The word ‘barbarian’ springs to mind. In its original form, the word means ‘foreigner’, yet today the word conjures up an image of a slovenly, dull-witted warrior with a thirst for violence. The Romans used the word to refer to pretty much anyone that couldn’t speak Latin (and the Ancient Greeks used the phrase to refer to pretty much anyone who wasn’t Greek). While the word is innocent, there is an undertone of smug patronisation implied in its usage. The Romans certainly thought that 1st century Britons were an odd bunch:

“Very many [Britons] who dwell farther inland do not sow grain but live on milk and flesh, clothing themselves in skins. All the Britons paint themselves with woad, which produces a dark blue color; and for this reason they are much more frightful in appearance in battle. They permit their hair to grow long, shaving all parts of the body except the head and the upper lip. Ten and twelve have wives 16 common among them…” -Julius Caesar, 55BC

This is big man Julius describing the “most civilised” Britons he knows of, and even then he considers them to be hairy, scary wife-swappers that don’t know how farming works. Brutish and uncivilised. This is the way that the highly advance Romans saw the tribes that they were conquering. If there’s a parallel to be drawn with Skyrim, it’s with the Nords and their views on races they deem lesser than them. Nords will refer to each other as ‘Kinsman’, and sneer at at the more tribal species.

On the other hand, many tribes found an easy peace with the Roman invaders – the Trinovantes in the East of England were more than willing to befriend the conquering legions – rather than resist. Even the notorious Boudicca showed respect and civility to the Romans… that is until her husband died. After the Romans took her land and abused her family, her opinion of the Romans turned wildly.

The Vikings are similarly remembered for their ‘barbarism’. According to contemporary sources, they were violent and vicious pirates who beat up monks and burnt their monasteries. If this was entirely true, then it must be pointed out that when most Viking raids were at there height, the Vikings were Pagans; Christianity meant very little. To the Scandinavians, the wooden monasteries full of gold and silver would have made for easy targets, but the plundering would not have been sacrilegious. Furthermore, the sources that have recorded Viking raids largely come from monks and other holy men. One famous bad mouther of Vikings was Alcuin, a Christian scholar, who went to great pains to record how evil and horrific Viking attacks were along the English coast, despite spending most of his time in Europe.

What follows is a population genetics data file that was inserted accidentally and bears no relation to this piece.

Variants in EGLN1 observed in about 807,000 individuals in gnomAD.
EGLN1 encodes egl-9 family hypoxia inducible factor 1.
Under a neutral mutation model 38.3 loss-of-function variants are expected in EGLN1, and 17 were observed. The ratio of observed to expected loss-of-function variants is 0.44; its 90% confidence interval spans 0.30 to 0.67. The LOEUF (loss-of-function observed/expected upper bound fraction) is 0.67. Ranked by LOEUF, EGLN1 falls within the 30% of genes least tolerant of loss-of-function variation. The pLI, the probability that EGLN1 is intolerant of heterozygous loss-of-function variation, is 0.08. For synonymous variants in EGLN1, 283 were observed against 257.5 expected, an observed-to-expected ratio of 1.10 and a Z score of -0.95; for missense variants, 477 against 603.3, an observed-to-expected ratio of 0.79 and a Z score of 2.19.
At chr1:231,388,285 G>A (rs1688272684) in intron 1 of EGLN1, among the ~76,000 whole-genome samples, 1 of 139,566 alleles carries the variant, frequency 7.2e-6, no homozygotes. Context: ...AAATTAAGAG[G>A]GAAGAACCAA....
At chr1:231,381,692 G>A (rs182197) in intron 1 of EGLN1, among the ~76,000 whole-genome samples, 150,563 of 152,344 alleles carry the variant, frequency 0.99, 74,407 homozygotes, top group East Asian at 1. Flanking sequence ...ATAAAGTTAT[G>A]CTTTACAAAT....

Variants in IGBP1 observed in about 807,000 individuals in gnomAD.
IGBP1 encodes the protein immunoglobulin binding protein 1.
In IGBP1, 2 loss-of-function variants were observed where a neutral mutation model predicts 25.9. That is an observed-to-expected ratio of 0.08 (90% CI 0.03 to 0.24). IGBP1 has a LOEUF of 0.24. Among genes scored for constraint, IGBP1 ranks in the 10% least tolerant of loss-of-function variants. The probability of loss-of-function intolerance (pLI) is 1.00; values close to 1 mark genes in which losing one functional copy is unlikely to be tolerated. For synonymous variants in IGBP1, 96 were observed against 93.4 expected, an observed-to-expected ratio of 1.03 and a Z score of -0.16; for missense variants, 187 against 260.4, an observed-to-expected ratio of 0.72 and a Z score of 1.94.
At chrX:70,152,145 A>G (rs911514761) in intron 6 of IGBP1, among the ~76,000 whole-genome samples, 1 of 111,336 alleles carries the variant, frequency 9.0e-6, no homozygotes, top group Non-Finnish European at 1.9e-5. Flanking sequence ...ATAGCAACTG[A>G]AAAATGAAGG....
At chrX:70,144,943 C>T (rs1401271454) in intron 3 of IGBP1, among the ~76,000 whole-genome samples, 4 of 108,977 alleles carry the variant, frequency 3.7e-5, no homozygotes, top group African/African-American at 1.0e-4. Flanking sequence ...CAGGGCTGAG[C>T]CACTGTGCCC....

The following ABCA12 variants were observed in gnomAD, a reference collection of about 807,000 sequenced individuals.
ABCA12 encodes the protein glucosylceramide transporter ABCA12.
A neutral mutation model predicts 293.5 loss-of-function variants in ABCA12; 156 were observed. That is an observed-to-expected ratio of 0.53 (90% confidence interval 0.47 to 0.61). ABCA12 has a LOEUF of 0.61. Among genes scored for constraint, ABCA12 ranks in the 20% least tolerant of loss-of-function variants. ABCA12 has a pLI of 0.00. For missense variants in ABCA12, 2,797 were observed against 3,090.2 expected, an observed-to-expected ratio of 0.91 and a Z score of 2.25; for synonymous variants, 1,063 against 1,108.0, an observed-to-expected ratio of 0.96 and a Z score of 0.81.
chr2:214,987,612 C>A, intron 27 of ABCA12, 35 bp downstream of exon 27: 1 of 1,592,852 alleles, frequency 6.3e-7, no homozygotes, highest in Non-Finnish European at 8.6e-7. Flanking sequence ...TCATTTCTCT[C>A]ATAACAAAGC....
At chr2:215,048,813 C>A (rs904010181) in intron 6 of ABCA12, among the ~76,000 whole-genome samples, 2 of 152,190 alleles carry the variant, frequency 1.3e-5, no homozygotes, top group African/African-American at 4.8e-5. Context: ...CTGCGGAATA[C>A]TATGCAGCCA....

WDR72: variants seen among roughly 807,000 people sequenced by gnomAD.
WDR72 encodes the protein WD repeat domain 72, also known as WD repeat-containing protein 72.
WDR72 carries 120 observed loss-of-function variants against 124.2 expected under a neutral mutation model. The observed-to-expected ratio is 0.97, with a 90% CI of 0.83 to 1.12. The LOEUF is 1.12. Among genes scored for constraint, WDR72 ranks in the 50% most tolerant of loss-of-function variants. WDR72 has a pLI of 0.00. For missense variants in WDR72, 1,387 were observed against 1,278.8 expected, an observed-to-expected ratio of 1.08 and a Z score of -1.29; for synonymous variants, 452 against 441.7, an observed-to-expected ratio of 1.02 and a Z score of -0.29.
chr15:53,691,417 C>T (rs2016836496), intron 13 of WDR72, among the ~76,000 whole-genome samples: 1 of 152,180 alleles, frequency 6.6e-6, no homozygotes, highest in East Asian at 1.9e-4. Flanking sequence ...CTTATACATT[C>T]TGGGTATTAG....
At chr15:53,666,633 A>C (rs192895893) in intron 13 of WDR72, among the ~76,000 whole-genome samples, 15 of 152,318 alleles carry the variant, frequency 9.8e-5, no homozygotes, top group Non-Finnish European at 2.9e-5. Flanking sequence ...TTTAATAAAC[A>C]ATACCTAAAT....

This is not to say that all Viking xenophobia was unwarranted; the British tribes had reason to be wary. Not all Vikings came to raid – the word Viking is a collective term after all. Many Vikings came to occupy Northern England and parts of Ireland and Scotland with a greater focus on trading resources back to Denmark and the rest of Scandinavia. King Canute (also spelt Cnut by those that like to live dangerously) was able to conquer England, snatching it from Anglo-Saxon rule, and what followed was nearly twenty years of peace and prosperity. Vikings and Saxons would continue fighting long after that, but History proves they were capable of being civil.

Of course, it’s very easy to see how the local populace would mutter negativity. In Tamriel and in reality, a great deal of conflict has occurred, a great deal of which has been fought between different regional groups. Whilst kings and chiefs can broker peace, the underlying tensions will not dissipate easily.

For most medieval people, travel is not part of their existence. Tribes were far more isolated by their smaller populations and the level of technology. If a visitor did appear, they were either coming to wage war or trade. If the visitor is a Norseman, it could well be both. The level of Xenophobia would therefore depend on the unique experience of that village. Given that most people had no need to read or write, there was little chance that the average Saxon would have their opinion swayed by an angry monk’s writings. In Skyrim then, the Xenophobia is rifer due to the way in which various races/species are merged into the same living space. Diversity is high in Tamriel, but so are racial tensions. I blame the Nords myself.

Final Thoughts

Just two comparisons this time around. Usually the connections between History and Videogame are much smaller, briefer topics; I felt that historic medicine and historic attitudes were much broader topics and should be given more space. There were many more comments I could have made about ancient health practices, and much more could be said about historic xenophobia. I think I could easily overdo the latter; this is intended as a light-hearted, videogame analysis after all.

I hope you continue to enjoy this kind of blog, and that if you have any knowledge to add, (or corrections to make) then you will leave a comment below. I’ve definitely got a Part 5 lined up, and then I’ll be looking for another game to over-analyze. I’ve already had some great suggestions.